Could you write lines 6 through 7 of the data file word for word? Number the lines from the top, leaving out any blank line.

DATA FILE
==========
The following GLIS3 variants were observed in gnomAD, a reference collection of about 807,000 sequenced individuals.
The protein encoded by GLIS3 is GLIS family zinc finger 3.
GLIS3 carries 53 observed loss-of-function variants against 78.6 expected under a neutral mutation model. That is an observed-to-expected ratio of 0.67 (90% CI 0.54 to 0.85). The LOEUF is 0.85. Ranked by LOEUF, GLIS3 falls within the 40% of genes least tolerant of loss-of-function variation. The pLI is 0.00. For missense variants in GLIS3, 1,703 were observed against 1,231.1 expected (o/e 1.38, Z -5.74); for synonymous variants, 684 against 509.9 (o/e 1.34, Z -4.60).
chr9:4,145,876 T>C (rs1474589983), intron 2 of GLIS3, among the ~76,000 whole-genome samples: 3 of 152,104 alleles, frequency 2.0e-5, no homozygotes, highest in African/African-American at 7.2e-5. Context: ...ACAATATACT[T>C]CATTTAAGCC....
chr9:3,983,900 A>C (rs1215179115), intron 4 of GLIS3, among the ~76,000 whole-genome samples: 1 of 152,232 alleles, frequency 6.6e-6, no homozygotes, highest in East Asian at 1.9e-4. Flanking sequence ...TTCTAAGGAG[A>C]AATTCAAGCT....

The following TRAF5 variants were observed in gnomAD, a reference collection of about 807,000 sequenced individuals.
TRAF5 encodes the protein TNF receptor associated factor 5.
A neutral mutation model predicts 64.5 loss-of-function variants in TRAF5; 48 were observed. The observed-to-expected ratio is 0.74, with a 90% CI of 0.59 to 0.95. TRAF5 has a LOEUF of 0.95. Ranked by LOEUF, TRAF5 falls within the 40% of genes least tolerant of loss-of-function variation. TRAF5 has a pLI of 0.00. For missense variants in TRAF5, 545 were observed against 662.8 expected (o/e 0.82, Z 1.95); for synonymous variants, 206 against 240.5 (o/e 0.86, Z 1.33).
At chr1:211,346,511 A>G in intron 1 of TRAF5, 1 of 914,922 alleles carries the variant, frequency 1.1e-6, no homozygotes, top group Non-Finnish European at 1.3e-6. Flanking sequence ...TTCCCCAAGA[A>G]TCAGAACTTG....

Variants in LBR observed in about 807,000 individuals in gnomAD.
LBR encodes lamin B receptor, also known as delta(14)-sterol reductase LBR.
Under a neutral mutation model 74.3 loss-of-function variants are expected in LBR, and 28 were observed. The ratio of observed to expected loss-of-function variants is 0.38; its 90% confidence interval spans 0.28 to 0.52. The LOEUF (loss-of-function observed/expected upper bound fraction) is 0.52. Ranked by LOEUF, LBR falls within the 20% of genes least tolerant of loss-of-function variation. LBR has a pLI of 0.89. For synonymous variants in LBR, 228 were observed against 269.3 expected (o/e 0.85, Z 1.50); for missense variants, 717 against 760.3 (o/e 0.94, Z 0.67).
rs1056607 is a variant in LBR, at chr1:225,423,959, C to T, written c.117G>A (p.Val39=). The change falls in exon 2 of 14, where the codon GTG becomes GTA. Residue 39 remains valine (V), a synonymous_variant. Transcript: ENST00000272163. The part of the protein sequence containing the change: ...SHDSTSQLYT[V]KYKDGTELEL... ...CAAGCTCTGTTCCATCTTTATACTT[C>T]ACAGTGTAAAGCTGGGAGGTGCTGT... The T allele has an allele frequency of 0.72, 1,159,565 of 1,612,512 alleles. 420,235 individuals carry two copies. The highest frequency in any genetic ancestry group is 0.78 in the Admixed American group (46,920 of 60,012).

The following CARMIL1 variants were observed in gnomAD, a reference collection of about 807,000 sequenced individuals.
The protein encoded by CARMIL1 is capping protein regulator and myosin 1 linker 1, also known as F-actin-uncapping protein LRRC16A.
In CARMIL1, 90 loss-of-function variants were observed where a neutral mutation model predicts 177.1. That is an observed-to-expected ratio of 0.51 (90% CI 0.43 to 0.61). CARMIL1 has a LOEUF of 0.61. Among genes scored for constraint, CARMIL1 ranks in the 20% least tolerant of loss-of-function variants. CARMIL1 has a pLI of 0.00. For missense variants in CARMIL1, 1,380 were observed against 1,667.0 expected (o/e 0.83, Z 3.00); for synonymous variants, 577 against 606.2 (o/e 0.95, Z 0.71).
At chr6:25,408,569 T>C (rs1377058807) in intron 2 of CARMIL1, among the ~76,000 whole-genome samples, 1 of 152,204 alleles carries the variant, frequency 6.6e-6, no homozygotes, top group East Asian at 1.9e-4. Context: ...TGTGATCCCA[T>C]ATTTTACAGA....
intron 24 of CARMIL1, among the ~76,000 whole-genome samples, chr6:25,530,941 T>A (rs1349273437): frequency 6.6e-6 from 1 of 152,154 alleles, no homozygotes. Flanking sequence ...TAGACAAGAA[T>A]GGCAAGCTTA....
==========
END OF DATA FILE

The following TRAF5 variants were observed in gnomAD, a reference collection of about 807,000 sequenced individuals.
TRAF5 encodes the protein TNF receptor associated factor 5.